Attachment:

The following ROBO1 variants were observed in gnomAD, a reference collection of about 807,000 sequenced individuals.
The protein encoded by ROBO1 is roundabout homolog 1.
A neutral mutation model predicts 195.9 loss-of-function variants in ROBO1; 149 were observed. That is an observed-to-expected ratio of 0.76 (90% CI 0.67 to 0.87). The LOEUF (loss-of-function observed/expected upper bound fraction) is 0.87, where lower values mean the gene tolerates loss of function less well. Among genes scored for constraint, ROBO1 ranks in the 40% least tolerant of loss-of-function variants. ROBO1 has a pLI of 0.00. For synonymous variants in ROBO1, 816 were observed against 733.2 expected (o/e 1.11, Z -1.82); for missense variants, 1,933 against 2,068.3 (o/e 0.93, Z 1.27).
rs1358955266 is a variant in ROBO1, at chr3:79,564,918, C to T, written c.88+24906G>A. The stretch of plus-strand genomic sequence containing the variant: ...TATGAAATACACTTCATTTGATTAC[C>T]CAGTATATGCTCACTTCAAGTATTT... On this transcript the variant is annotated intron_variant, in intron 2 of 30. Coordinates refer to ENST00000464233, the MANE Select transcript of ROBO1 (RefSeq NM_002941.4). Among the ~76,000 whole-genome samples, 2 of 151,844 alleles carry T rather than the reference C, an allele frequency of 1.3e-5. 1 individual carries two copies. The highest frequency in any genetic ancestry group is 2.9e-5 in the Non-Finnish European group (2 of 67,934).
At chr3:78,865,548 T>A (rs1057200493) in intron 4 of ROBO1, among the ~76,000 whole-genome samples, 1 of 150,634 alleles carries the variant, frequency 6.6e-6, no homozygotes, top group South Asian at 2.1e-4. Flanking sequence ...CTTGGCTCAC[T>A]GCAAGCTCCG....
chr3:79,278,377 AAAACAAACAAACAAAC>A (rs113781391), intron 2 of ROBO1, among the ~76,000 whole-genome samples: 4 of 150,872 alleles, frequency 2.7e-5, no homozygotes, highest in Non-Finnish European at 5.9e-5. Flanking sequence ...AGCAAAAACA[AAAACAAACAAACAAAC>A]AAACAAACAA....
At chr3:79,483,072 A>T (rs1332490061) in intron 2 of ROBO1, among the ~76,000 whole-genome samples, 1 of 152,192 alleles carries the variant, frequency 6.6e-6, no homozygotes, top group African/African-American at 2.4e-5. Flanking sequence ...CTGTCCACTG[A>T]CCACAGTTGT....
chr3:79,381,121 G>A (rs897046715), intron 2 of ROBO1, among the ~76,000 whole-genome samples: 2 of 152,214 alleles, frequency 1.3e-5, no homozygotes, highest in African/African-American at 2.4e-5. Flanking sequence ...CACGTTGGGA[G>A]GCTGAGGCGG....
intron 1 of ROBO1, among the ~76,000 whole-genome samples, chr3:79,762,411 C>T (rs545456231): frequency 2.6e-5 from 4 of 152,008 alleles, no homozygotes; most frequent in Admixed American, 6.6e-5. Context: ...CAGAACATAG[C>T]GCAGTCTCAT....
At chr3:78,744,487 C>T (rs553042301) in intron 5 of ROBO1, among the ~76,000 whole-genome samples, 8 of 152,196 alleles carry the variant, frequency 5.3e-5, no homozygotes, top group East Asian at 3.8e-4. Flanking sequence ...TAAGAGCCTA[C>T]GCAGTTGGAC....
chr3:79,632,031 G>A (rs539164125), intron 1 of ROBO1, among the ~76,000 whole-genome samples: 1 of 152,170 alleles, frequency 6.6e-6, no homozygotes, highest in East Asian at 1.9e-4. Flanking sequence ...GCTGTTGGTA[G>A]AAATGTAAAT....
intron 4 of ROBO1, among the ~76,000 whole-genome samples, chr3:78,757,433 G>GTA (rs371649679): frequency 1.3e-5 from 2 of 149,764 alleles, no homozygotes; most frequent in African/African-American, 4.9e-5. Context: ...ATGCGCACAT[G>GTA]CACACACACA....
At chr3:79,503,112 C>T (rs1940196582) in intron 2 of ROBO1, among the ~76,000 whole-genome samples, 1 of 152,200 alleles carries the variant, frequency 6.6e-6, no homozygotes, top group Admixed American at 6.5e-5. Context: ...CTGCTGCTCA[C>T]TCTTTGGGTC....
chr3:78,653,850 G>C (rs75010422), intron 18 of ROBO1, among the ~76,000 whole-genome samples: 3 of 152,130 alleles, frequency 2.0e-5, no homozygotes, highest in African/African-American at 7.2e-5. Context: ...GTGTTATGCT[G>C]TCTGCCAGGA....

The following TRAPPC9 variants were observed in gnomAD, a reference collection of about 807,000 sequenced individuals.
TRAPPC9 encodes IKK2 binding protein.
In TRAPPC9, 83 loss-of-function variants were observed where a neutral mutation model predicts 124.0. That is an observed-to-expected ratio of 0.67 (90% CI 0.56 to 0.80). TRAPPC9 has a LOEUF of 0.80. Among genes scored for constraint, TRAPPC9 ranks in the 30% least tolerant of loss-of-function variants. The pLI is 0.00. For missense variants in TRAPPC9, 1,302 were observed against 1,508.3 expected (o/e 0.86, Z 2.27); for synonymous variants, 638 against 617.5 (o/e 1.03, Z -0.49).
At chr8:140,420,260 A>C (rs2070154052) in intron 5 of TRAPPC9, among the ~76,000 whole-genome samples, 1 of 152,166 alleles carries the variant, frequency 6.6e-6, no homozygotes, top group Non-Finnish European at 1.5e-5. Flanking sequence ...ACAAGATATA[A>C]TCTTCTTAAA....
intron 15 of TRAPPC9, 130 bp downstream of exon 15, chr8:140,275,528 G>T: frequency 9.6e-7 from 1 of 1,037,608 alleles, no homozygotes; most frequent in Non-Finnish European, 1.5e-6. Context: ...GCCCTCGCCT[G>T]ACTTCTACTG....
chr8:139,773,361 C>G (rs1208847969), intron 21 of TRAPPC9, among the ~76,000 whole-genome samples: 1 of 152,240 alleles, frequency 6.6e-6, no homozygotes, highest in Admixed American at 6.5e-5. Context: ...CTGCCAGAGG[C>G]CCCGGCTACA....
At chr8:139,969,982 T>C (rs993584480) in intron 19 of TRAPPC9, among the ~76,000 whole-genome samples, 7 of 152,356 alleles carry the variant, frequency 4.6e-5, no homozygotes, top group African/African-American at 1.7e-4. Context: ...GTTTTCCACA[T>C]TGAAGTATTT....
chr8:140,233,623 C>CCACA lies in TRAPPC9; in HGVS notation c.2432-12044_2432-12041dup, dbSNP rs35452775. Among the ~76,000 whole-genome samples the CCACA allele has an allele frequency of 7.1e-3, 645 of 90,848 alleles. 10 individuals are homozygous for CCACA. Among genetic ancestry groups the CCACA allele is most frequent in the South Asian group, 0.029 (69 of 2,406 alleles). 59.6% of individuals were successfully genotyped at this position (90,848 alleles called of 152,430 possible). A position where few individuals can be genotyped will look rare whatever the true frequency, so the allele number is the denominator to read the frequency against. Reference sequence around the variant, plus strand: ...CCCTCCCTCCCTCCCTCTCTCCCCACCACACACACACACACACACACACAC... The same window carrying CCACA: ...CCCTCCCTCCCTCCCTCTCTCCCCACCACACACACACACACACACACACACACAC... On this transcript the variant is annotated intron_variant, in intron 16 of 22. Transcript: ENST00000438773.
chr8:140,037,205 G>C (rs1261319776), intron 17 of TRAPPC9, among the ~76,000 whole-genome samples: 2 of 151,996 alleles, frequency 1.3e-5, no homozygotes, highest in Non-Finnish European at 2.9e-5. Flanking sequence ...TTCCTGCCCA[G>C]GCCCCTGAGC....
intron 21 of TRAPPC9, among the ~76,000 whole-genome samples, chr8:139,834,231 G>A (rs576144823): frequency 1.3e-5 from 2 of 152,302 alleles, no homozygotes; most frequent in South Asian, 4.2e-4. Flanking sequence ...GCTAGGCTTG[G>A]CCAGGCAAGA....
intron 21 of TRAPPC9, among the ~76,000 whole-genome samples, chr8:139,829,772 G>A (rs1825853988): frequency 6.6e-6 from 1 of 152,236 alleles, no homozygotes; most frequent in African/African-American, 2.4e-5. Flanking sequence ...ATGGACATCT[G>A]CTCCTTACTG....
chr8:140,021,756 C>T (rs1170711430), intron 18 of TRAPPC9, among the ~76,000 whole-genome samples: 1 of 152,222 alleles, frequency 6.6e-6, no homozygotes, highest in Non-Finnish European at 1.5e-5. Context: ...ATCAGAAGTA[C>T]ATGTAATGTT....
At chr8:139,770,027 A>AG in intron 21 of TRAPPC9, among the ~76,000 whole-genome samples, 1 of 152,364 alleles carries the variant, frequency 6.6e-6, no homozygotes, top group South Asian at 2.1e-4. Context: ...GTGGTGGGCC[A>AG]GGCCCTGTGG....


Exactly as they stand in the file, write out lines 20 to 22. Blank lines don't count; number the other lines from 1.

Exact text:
chr8:139,773,361 C>G (rs1208847969), intron 21 of TRAPPC9, among the ~76,000 whole-genome samples: 1 of 152,240 alleles, frequency 6.6e-6, no homozygotes, highest in Admixed American at 6.5e-5. Context: ...CTGCCAGAGG[C>G]CCCGGCTACA....
At chr8:139,969,982 T>C (rs993584480) in intron 19 of TRAPPC9, among the ~76,000 whole-genome samples, 7 of 152,356 alleles carry the variant, frequency 4.6e-5, no homozygotes, top group African/African-American at 1.7e-4. Context: ...GTTTTCCACA[T>C]TGAAGTATTT....
chr8:140,233,623 C>CCACA lies in TRAPPC9; in HGVS notation c.2432-12044_2432-12041dup, dbSNP rs35452775. Among the ~76,000 whole-genome samples the CCACA allele has an allele frequency of 7.1e-3, 645 of 90,848 alleles. 10 individuals are homozygous for CCACA. Among genetic ancestry groups the CCACA allele is most frequent in the South Asian group, 0.029 (69 of 2,406 alleles). 59.6% of individuals were successfully genotyped at this position (90,848 alleles called of 152,430 possible). A position where few individuals can be genotyped will look rare whatever the true frequency, so the allele number is the denominator to read the frequency against. Reference sequence around the variant, plus strand: ...CCCTCCCTCCCTCCCTCTCTCCCCACCACACACACACACACACACACACAC... The same window carrying CCACA: ...CCCTCCCTCCCTCCCTCTCTCCCCACCACACACACACACACACACACACACACAC... On this transcript the variant is annotated intron_variant, in intron 16 of 22. Transcript: ENST00000438773.